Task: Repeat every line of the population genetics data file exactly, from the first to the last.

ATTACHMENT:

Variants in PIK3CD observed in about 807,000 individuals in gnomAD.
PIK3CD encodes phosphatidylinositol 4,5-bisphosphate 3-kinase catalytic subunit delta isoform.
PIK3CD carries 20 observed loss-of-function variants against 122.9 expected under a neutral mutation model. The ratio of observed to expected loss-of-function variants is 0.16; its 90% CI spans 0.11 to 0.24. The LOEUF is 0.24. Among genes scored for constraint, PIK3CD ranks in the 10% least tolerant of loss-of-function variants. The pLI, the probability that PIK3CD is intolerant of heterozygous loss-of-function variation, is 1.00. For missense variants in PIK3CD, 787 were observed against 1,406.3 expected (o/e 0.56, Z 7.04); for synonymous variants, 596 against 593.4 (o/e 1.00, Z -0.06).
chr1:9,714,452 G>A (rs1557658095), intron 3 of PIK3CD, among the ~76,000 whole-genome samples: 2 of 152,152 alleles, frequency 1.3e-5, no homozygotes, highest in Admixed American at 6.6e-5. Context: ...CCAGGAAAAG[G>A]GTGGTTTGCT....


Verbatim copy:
Variants in PIK3CD observed in about 807,000 individuals in gnomAD.
PIK3CD encodes phosphatidylinositol 4,5-bisphosphate 3-kinase catalytic subunit delta isoform.
PIK3CD carries 20 observed loss-of-function variants against 122.9 expected under a neutral mutation model. The ratio of observed to expected loss-of-function variants is 0.16; its 90% CI spans 0.11 to 0.24. The LOEUF is 0.24. Among genes scored for constraint, PIK3CD ranks in the 10% least tolerant of loss-of-function variants. The pLI, the probability that PIK3CD is intolerant of heterozygous loss-of-function variation, is 1.00. For missense variants in PIK3CD, 787 were observed against 1,406.3 expected (o/e 0.56, Z 7.04); for synonymous variants, 596 against 593.4 (o/e 1.00, Z -0.06).
chr1:9,714,452 G>A (rs1557658095), intron 3 of PIK3CD, among the ~76,000 whole-genome samples: 2 of 152,152 alleles, frequency 1.3e-5, no homozygotes, highest in Admixed American at 6.6e-5. Context: ...CCAGGAAAAG[G>A]GTGGTTTGCT....